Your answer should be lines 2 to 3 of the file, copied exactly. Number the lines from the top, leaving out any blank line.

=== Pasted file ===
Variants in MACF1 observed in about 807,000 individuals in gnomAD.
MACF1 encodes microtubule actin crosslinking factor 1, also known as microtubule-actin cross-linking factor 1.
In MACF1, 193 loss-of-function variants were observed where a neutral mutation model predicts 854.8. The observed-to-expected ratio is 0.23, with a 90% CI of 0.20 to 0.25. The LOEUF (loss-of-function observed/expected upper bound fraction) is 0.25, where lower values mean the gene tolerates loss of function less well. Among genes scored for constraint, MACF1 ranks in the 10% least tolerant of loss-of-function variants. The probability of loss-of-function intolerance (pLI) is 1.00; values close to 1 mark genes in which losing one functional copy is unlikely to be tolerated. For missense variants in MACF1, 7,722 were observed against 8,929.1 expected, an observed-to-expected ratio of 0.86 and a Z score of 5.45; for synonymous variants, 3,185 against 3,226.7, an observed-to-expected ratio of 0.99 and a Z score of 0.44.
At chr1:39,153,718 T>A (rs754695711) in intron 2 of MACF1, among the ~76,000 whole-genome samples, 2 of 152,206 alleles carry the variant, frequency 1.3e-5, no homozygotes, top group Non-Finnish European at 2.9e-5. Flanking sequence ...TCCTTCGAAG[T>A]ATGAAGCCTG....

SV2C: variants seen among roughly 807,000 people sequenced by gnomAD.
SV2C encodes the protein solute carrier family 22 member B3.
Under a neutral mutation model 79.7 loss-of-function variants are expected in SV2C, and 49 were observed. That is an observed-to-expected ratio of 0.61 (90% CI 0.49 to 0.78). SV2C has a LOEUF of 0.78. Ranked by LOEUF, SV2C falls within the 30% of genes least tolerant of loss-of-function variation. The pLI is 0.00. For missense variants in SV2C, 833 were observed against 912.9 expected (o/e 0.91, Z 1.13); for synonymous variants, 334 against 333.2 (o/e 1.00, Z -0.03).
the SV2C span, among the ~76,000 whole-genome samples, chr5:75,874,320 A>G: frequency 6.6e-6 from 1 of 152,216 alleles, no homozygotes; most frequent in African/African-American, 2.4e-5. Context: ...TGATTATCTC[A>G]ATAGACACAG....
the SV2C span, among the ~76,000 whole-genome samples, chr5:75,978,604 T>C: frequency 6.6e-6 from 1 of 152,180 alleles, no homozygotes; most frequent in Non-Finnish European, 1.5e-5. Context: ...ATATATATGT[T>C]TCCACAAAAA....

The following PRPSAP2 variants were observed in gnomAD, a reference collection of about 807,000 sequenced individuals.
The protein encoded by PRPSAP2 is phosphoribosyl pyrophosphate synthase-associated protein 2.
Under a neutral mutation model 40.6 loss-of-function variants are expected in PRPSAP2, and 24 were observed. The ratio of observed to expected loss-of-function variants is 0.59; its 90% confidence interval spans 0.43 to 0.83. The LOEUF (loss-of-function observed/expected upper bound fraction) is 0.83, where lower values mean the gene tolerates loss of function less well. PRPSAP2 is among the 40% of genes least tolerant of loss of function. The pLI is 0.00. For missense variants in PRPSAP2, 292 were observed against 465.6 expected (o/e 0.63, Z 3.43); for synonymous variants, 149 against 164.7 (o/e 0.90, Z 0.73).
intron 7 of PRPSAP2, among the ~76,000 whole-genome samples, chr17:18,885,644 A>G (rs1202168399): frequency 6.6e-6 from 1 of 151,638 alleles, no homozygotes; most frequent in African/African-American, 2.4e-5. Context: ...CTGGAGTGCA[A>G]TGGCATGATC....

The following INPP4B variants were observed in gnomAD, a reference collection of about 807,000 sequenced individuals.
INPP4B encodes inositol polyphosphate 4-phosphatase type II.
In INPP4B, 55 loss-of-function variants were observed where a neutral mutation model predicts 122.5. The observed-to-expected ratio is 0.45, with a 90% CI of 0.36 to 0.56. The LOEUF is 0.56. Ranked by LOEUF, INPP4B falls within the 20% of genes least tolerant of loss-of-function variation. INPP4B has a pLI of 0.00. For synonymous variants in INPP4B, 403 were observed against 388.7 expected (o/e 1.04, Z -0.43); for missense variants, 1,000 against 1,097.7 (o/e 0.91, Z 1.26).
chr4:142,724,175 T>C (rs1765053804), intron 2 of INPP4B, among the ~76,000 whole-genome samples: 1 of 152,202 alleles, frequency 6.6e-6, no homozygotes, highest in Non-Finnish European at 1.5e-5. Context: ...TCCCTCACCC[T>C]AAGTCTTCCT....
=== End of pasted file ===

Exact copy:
MACF1 encodes microtubule actin crosslinking factor 1, also known as microtubule-actin cross-linking factor 1.
In MACF1, 193 loss-of-function variants were observed where a neutral mutation model predicts 854.8. The observed-to-expected ratio is 0.23, with a 90% CI of 0.20 to 0.25. The LOEUF (loss-of-function observed/expected upper bound fraction) is 0.25, where lower values mean the gene tolerates loss of function less well. Among genes scored for constraint, MACF1 ranks in the 10% least tolerant of loss-of-function variants. The probability of loss-of-function intolerance (pLI) is 1.00; values close to 1 mark genes in which losing one functional copy is unlikely to be tolerated. For missense variants in MACF1, 7,722 were observed against 8,929.1 expected, an observed-to-expected ratio of 0.86 and a Z score of 5.45; for synonymous variants, 3,185 against 3,226.7, an observed-to-expected ratio of 0.99 and a Z score of 0.44.